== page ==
The redness associated with rosacea can often be miss-interpreted in its early stages. One might observe a rosy glow on the cheeks or the full facial flush of embarrassment. The flushing may only be present around the mouth and nose area resembling a bad cold. Rosacea has even been said to have the appearance of a sun burn.
What sets rosacea apart from all these is the duration of the flush, the intensity of the flushing and the progression over time to a more permanent facial redness. In its early stages the duration of the facial flush could be less than an hour during each episode, as it progresses over time the duration of a flush could last several days to several months at a time. Over time the flushing inflammation can cause the skin to become irritated, itchy and swollen.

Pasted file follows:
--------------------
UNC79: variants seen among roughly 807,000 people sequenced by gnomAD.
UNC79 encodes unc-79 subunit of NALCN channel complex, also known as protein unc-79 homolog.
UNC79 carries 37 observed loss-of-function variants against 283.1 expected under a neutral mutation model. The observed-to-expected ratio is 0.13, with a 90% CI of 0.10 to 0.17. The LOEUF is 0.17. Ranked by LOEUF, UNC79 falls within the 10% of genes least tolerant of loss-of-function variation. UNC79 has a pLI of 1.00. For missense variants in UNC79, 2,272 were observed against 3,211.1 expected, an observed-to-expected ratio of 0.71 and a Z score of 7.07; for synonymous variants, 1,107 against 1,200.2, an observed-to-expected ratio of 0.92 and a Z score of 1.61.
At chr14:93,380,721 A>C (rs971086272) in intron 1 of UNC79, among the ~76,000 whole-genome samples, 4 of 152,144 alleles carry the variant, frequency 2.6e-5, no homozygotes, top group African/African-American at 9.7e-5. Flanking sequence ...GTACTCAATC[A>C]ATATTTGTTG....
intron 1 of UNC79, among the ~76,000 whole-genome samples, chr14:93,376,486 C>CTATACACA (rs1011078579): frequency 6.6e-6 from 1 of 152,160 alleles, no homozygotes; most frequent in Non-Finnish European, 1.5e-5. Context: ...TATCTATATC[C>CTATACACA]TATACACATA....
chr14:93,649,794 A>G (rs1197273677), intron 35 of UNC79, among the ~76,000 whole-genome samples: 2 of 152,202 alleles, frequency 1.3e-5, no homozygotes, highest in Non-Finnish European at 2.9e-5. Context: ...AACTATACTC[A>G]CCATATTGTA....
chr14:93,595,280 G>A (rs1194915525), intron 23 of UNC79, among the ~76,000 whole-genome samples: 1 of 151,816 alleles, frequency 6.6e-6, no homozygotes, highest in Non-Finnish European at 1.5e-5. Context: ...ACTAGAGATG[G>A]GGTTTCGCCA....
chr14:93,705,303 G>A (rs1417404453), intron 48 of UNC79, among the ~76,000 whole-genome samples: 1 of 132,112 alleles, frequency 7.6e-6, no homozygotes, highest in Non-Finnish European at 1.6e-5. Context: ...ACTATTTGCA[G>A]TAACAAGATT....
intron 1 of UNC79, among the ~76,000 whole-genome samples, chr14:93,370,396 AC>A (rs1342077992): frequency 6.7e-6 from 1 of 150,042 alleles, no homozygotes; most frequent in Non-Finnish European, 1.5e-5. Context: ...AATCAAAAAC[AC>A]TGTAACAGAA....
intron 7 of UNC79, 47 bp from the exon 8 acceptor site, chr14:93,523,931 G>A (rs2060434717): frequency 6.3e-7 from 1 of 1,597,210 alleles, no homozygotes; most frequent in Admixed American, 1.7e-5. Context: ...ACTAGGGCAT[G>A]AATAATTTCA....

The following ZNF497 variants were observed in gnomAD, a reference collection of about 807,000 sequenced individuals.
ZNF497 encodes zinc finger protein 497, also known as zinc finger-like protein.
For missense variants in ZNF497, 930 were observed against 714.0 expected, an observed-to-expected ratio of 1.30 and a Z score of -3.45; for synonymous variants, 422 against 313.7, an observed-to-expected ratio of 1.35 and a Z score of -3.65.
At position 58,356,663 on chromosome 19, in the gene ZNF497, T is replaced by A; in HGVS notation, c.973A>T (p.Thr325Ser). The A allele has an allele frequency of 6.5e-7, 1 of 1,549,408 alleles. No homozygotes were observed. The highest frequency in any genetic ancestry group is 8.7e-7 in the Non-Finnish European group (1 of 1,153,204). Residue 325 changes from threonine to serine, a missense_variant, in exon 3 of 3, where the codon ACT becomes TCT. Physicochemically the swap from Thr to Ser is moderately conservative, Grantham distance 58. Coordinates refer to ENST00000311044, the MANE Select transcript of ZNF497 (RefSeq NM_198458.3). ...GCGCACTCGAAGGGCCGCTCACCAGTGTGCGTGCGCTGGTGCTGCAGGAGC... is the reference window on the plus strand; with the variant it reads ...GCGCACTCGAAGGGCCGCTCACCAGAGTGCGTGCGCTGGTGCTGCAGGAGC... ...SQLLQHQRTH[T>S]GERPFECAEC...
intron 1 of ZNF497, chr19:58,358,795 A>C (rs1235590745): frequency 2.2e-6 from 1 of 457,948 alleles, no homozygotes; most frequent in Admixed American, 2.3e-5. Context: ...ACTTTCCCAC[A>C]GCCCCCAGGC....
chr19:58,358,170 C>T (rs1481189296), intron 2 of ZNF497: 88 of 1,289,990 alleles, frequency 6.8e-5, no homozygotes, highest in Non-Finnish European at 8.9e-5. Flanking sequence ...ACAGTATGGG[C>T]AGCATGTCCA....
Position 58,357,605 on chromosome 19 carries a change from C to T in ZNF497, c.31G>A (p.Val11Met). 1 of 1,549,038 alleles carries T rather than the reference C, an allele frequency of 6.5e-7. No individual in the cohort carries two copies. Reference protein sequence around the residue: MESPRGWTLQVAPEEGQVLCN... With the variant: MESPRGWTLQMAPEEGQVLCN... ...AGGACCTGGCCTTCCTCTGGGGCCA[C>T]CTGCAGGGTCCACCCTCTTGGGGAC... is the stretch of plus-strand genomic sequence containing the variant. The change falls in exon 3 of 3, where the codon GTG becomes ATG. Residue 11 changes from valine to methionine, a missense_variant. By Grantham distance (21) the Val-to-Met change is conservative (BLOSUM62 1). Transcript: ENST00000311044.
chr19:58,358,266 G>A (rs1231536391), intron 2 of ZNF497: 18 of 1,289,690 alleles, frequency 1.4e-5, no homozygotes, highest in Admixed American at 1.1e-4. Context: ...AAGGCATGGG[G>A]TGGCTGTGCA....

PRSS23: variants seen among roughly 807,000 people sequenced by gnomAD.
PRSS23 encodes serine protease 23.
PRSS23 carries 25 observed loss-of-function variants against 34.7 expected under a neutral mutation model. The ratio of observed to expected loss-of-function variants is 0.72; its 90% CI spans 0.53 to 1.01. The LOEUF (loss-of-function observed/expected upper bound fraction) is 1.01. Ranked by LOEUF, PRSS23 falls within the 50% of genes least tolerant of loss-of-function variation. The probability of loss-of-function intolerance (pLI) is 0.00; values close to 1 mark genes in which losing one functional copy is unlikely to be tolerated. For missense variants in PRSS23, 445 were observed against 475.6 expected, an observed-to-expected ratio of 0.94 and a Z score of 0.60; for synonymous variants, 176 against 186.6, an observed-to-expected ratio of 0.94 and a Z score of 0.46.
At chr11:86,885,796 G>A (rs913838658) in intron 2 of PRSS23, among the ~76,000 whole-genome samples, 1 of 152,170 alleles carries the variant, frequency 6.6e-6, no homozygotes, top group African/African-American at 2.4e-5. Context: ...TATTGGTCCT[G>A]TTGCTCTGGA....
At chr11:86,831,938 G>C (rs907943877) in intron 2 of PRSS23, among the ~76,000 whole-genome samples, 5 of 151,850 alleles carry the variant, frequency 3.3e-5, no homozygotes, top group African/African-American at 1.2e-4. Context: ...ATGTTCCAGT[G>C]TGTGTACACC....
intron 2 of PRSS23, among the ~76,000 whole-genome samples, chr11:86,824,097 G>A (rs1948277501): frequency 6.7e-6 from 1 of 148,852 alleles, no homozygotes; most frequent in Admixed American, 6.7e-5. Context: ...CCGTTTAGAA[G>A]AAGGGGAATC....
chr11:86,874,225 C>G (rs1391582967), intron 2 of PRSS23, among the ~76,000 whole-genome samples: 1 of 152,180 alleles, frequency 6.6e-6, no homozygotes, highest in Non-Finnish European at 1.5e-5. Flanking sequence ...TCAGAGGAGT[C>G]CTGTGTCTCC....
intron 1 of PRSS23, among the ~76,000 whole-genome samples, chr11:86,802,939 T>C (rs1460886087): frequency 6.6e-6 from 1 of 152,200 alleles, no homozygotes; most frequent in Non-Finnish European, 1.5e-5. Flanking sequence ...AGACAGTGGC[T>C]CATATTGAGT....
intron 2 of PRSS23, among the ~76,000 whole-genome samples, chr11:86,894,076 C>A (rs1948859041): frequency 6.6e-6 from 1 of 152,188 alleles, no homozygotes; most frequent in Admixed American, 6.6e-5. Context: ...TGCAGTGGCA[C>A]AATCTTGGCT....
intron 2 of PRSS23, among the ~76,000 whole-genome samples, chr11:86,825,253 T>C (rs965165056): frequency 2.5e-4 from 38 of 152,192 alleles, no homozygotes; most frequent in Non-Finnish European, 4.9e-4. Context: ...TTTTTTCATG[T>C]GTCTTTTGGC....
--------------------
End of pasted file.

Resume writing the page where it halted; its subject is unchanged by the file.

The key to managing the flushing is determined by identifying what triggers cause or worsen your flushing. It could be one isolated cause or as in most cases a series of triggers that can be the catalyst for your flushing episodes. A common list of flushing triggers can be found on our flushing page . Keeping a rosacea journal and listing any events that triggered your flushing can help you to identify what your flushing triggers are and thus help you to manage or minimize those events. Be aware there will be some triggers you cannot avoid or control. When you cannot avoid a trigger, learn ways to counter act it. If stress is a factor in your rosacea flushing, find ways to control manage or reduce your stress levels. If dehydration triggers your rosacea flushing, Design your own hydration routine to help you keep your body well hydrated and thus reduce or control this rosacea flushing trigger. Sometimes controlling these two factors can influence your ability to control or reduce your response to your other flushing triggers.